As those who know me, and if such a person exists, cyberstalk me, know I created this blog after writing on another site, which shall remain nameless, for a while. The point is, I have material sitting around waiting to be re-used on occasion I will re-post them here. Some of those articles or reviews may have been extemporaneous at the time but are slightly random now, hence the new title and little intro, regardless enjoy!
Those who don’t like superlatives should stop reading this right now. Those of you who are still reading please believe that it is not for simplistic reasons alone that I am all but ready to anoint Where the Wild Things Are as the best film of the year. It is unquestionably a complete cinematic experience that, for the most part, paralyzed my pencil from note-taking and here are some reasons why.
It lives up to the old manic depressive statement of “I laughed, I cried” but goes so far beyond that. The beginning of the film sets up Max’s home life and imagination in simple, beautiful terms with nary a word wasted, which goes for the whole film. The dialogue was carefully chosen and all lines were simply set traps which if sprung would take you into the deeper meaning of the film.
This is the kind of film that does require multiple viewings for the inquiring mind, and it is the best kind of film because it works on multiple levels without any of those levels interfering with the other. Some argue that some parts of the film are too frightening for children. That is a parent’s decision, not a critic’s, and frankly the book has scared many children while others read it and remain unaffected. It has always been that kind of tale. So to think that Spike Jonze was cavalier or somehow remiss in his filmmaking is ridiculous. Two words of wisdom to keep in mind are first Maurice Sendak the writer of the tale wanted the film “not to condescend to children” as he stated in a featurette released about a month ago. Films have been known to scare kids but kids will watch them anyway. The first film I remember seeing at the theater was a re-release of Bambi and almost off the bat Bambi is orphaned. Is it terrible? Yes. Did everyone keep watching? Yes. Yet people haven’t shouted about Bambi’s inappropriateness as loudly as about this film. The other quote would be Sondheim’s as related by David Poland on his blog “Children will listen…”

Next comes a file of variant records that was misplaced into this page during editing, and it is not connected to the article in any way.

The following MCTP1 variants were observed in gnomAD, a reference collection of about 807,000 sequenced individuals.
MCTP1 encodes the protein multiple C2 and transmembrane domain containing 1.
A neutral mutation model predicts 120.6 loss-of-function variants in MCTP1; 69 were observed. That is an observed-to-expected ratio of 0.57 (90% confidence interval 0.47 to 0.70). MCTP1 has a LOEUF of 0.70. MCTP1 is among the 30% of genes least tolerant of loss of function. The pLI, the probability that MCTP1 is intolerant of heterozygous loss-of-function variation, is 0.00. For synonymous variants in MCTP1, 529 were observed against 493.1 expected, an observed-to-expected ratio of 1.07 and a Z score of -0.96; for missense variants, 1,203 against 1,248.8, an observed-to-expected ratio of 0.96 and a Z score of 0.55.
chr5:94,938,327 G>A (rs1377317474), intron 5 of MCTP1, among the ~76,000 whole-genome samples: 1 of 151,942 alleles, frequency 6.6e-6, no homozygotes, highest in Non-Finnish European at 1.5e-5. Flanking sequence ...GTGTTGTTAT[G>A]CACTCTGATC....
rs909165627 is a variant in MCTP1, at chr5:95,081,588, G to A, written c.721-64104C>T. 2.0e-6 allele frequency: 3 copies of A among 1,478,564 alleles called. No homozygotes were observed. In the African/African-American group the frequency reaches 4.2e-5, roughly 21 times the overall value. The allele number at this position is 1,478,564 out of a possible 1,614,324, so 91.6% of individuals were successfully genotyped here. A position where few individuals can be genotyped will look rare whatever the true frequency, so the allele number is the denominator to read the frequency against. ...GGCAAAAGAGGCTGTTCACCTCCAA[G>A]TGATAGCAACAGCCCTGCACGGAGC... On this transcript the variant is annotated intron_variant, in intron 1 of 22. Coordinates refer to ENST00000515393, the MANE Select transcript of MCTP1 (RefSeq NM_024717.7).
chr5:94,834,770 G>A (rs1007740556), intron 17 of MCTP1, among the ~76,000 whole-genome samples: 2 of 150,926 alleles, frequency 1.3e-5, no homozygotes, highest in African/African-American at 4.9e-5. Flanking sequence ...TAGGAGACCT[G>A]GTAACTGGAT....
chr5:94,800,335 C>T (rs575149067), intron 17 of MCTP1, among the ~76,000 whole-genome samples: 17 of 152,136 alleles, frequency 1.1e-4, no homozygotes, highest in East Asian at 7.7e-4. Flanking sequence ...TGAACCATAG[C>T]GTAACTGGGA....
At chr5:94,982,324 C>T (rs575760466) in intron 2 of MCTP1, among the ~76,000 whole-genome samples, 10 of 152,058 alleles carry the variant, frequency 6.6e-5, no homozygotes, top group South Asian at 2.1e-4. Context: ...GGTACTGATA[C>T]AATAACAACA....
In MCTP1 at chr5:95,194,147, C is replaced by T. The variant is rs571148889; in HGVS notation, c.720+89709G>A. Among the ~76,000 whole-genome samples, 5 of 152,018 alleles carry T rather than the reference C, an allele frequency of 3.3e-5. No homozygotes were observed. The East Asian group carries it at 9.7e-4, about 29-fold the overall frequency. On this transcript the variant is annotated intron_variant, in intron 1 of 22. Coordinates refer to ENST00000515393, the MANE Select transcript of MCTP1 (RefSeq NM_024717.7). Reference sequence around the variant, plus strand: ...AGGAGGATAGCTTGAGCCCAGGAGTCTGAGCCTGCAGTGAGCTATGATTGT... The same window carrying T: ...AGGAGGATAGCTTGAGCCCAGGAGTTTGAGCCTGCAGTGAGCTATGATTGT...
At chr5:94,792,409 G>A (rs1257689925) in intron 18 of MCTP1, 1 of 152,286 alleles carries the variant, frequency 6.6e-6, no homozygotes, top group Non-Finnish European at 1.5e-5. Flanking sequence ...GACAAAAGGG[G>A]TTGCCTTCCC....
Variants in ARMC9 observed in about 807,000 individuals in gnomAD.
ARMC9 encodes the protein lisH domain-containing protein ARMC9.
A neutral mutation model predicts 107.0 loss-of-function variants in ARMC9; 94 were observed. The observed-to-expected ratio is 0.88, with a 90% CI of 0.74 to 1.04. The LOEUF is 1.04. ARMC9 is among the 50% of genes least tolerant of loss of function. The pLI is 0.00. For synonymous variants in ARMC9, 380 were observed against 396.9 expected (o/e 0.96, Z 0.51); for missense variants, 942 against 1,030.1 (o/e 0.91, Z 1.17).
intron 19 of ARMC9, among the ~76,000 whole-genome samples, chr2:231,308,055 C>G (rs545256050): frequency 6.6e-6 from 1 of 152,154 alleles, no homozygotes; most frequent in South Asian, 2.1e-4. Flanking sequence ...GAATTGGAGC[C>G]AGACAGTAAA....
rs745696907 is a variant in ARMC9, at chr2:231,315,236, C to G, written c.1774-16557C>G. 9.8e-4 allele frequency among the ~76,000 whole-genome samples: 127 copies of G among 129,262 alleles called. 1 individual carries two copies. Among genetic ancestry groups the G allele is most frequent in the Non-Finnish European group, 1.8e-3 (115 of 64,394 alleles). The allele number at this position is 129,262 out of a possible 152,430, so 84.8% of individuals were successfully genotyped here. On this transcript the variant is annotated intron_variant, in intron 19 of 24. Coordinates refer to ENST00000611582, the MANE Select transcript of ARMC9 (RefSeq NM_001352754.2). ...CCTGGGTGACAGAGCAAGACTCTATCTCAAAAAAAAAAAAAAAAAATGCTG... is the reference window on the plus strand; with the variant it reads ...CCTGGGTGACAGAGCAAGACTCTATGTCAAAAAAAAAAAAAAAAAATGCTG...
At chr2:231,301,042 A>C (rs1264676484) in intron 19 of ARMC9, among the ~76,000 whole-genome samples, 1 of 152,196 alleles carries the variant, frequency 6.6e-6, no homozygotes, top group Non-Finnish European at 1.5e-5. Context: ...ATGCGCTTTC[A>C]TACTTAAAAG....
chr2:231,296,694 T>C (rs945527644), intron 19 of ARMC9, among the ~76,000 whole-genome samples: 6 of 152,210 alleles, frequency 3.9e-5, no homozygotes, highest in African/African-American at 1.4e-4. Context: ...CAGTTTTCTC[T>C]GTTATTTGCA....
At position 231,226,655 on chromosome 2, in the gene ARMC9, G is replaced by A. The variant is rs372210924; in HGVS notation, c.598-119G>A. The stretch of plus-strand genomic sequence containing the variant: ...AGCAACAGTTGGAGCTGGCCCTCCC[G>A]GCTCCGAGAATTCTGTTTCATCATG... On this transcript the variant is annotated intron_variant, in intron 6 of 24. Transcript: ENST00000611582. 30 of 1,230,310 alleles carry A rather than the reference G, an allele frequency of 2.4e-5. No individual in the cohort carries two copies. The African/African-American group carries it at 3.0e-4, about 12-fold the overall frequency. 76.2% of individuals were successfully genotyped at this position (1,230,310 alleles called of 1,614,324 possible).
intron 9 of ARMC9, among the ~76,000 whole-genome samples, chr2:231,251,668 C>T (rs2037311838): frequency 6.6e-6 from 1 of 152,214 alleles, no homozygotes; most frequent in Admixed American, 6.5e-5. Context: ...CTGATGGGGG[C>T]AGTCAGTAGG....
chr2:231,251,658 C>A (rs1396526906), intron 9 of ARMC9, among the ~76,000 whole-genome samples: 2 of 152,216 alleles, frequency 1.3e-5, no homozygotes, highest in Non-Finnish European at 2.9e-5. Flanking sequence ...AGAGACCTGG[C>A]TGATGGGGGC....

Ultimately, that will be what they do – listen and watch as they see a boy be angry with his mother, run off find new friends, but ultimately find that home is the better place. He returns home and is welcomed back, again almost without words. Histrionics are not needed at that point either for dramatic or moralistic purposes. The lesson is learned by all, you have no reason to run from home and you can always go back there and be accepted. A little hard to misconstrue that, and perhaps you need to boil it down for them, but one angry incident or a little yelling and growling shouldn’t deprive a child of this experience. It’s PG for a reason…be a parent and guide your child through the film. Don’t expect it to do all the work for you.
Back to the aesthetics – while CG needed to be implemented on the Wild Things’ faces, you’d be hard pressed to tell. And amen to the practical suits which just add that much more realism. Also, adding tremendously to the mood and overall effect is the score/soundtrack, written by Karen O. and Carter Burwell, which always sets the tone with absolute precision. There is never any doubt as to the intention and correctness of the score and it is almost as wondrous as the film.
The refracted tale, of course, is that of a child trying to cope with the divorce of his parents. Pull the dialogue from some of those scenes and just read them and you heard homely and very parental type battles. In the Wild Things you see various interpretations of those relationships. Again the separation of these layers of the film must be stressed. It is not the kind of tale in which missing on such details would ruin it but perceiving it will only enhance it.
For as large or small as the part was, the cast both voice and actual couldn’t have been better-chosen. Whether it be Katherine Keener in her limited screen time as Max’s very endearing mother, Mark Ruffalo as the cause of Max’s ire, Max himself played by newcomer Max Records, a surprisingly sensitive and complex James Gandolfini as Carol, or Catherine O’Hara as Judith.
This film is proof that you don’t need a lot of pomp and circumstance to elicit emotion. With the imagination everything can expand like the lecture of a teacher. It is a tale sure to delight the child within us all and also profoundly move adults. A “must see,” and likely the best film of the year.
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